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Sia’s new movie ‘Music’ is a directing misfire

Sia’s directorial debut about a teenager living with autism has been marred with controversy and seemingly mocks the very audience it seeks to target.

The movie, released in February 2021, introduces a teenager called Music (Maddie Ziegler) who finds herself in the care of her half sister Zu ( Kate Hudson), a newly sober drug dealer, after her grandmother passes away.

The premise of the movie is promising on paper, with the intention of strengthening family bonds, overcoming personal adversities, and raising awareness to the autistic community. However, this is overshadowed by the execution of the movie, both in the script and in the casting of actors.

The movie starts with Music dancing to Sia’s new song; her jaw slack, shoulders hunched, teeth tucked and wide eyes dazed and unfocussed.

To me, the bright flashing lights and colours that plague the movie in sporadic scenes offers a confusing directorial style and does nothing to move the plot forward other than to show that the actress is a good dancer and Sia is a good singer.

The body language used by the actress, which sees her gurning, grimacing and mumbling through her scenes, has been described by the autistic community as deeply reminiscent of the exaggerated mannerisms neurotypical people often employ when bullying autistic and disabled people for the way they move.

As Maddie Ziegler is not autistic herself, the exaggerated mannerisms she adopts when playing this character creates an uncomfortable watch, at best.

Of course, I don’t think the blame should be solely on the actress herself as she was only 14 when they started filming. Rather, I think it is Sia’s directorial discretion to cast a neurotypical person to act in such a way that should be scrutinised. Especially considering many actors living with autism said they would have been happy to have acted in the movie on short notice.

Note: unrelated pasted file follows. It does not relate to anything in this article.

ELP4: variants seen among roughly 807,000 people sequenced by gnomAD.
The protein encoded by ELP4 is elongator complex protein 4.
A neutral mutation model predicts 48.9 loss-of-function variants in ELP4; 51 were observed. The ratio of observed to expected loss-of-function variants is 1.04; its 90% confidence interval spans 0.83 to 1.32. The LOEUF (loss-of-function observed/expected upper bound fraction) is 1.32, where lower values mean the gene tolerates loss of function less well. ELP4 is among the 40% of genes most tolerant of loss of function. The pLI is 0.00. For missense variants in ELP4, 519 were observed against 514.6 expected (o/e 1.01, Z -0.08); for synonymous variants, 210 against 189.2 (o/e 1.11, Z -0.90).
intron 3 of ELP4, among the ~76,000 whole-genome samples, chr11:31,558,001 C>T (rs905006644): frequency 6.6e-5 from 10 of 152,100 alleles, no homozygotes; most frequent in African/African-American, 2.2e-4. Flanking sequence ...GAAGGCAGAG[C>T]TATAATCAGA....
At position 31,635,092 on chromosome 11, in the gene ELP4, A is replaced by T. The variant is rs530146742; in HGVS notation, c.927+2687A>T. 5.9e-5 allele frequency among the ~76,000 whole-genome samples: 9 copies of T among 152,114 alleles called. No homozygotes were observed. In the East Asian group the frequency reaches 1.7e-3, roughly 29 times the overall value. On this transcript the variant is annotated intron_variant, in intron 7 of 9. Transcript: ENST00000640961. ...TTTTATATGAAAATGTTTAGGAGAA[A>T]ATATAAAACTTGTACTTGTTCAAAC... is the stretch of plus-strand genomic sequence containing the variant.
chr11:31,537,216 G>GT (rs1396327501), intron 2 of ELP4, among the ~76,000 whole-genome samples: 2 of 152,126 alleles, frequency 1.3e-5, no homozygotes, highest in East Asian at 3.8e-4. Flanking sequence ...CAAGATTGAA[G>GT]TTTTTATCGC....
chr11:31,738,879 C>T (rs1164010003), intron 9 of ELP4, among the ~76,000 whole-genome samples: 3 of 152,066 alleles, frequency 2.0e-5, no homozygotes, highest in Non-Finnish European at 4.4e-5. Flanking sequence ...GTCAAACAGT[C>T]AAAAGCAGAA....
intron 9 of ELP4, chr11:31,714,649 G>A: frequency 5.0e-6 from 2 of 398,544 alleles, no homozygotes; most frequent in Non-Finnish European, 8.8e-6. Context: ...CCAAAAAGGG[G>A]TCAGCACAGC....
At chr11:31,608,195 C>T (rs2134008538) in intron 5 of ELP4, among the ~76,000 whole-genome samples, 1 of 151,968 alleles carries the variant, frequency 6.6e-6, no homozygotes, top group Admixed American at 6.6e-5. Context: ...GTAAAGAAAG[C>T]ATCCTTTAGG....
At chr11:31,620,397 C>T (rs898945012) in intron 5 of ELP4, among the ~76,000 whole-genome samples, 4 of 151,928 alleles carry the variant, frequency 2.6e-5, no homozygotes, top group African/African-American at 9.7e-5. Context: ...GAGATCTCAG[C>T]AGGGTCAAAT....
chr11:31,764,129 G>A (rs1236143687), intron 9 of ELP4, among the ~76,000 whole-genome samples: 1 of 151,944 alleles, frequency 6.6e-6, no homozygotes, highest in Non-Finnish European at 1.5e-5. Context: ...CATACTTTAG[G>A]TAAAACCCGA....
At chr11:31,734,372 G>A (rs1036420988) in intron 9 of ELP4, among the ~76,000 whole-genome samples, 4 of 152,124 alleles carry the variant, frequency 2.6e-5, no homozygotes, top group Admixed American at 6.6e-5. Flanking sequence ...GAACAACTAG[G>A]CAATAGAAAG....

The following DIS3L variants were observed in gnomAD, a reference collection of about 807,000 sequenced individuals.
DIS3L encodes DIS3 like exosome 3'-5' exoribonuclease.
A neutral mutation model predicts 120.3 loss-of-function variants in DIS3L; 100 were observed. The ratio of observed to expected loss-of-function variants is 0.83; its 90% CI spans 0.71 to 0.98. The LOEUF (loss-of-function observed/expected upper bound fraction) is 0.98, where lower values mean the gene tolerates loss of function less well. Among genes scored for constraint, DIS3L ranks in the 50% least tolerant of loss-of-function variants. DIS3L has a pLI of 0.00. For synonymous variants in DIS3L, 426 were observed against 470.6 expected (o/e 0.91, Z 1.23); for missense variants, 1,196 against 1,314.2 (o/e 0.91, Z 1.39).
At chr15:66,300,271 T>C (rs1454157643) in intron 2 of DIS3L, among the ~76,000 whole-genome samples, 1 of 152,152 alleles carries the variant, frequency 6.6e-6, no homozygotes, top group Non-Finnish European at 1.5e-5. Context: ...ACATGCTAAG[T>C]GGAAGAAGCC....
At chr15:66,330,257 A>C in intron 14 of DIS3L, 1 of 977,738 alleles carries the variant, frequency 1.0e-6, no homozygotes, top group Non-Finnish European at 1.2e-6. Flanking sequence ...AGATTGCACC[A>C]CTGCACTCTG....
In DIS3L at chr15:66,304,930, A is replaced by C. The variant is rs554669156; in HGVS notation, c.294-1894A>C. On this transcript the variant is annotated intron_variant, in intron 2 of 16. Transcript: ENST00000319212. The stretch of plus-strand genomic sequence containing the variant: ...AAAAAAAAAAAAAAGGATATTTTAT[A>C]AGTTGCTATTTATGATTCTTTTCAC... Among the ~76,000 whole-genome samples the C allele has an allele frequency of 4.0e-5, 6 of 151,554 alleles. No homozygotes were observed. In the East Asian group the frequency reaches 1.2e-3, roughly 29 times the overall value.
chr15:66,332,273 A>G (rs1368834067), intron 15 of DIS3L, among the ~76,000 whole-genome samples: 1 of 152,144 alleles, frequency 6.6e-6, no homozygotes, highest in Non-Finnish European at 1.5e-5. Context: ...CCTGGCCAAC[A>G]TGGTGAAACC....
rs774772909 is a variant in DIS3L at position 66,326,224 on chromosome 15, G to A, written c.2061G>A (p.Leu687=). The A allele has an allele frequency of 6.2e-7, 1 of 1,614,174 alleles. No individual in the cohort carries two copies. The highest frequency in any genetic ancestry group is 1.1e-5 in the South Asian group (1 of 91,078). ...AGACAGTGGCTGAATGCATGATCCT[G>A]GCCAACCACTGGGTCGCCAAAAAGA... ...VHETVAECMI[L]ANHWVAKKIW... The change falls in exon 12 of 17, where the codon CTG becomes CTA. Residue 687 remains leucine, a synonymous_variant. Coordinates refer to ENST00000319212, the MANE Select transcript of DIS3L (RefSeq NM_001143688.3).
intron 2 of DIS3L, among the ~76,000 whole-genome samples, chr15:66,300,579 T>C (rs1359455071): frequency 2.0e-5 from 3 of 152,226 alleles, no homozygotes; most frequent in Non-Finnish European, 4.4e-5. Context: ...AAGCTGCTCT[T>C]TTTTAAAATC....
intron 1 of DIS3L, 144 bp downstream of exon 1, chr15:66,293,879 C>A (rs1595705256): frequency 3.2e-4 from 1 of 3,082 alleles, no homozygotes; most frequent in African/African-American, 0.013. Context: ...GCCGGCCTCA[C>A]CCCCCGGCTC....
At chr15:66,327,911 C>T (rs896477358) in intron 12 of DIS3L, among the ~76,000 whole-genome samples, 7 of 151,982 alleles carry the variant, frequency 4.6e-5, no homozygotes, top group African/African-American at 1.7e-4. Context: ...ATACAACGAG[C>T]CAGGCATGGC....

Although it is understood that the view of fiction favours the premise of acting a role of people different from themselves, I think the sensitive issues the film explores creates a distressing experience for the community it hopes to represent.

The lack of disclaimer detailing the distressing scenes also meant that the autistic community was blindsided by the triggering content.

The movie also seems to focus more on the half sister, Zu, as she learns to take care of Music with the help of her neighbour and love interest, Ebo (Leslie Odom Jr).

Zu is not fit for the responsibility of caring for Music, but as the neighbour takes an interest in their lives, she finds enough incentive to stick around.

The focus on the half sister means that Music has no character arc and stays the same throughout the entire movie as Zu evolves into a better person for taking care of someone living with autism.

I find it hard not to cringe at the execution of this plot point as it quite blatantly suggests autistic people are a burden in society; even to the people designed to love them.

Watching the film, it seems clear to me that Music is only used as a plot device in which she embodies all of the autistic stereotypes with no other personality traits.

In a similar way, Ebo seems to only exist to reinforce immigrant stereotypes and impart his wisdom so that Zu can better herself.

As the movie continues, a restraint scene becomes a main point of contention. The movie shows Leslie Odom Jr’s character, Ebo, placing Music in a prone restraint position.

This is one of the most dangerous forms of restraints that have resulted in over a hundred deaths of children living with autism.

The scene, which had no warning at the beginning of the movie, was met with harsh backlash from the community as viewers watch Ziegler’s character being pinned down and forcibly restrained in a facedown position.

In the shockingly explicit scene, the movie goes on to show Ebo teaching Zu how to jump on top of Music and hold her down as she panics.

I believe Sia’s directorial decision to use this outdated practice is tone deaf at best and reinforces dangerous practices that have harmed the autistic community. The movie shows no implication that this is an inappropriate approach when helping an autistic person.

I find it hard to believe the words, “I am crushing her with my love,” is a line that made the cut in the film as it undoubtably glorifies the dangerous act and creates unwanted exposure to the out dated practice.

As the movie nears it’s end, with Zu discovering herself as a newly sober drug addict who braves the responsibility of caring for an autistic person and Music having progressed no more than when she first came onto screen, my overall assumption suggests that Music is just an embodiment of autistic stereotypes as it depicts autism as something “suffered” by autistic people, but even more so by those who are “brave” enough to love them.

Although Sia’s intentions for the movie may have been pure, I find the execution and directing style used in the making of this film means that, at best, the movie sets an insensitive and unsettling tone.

Written by Mardi Borg

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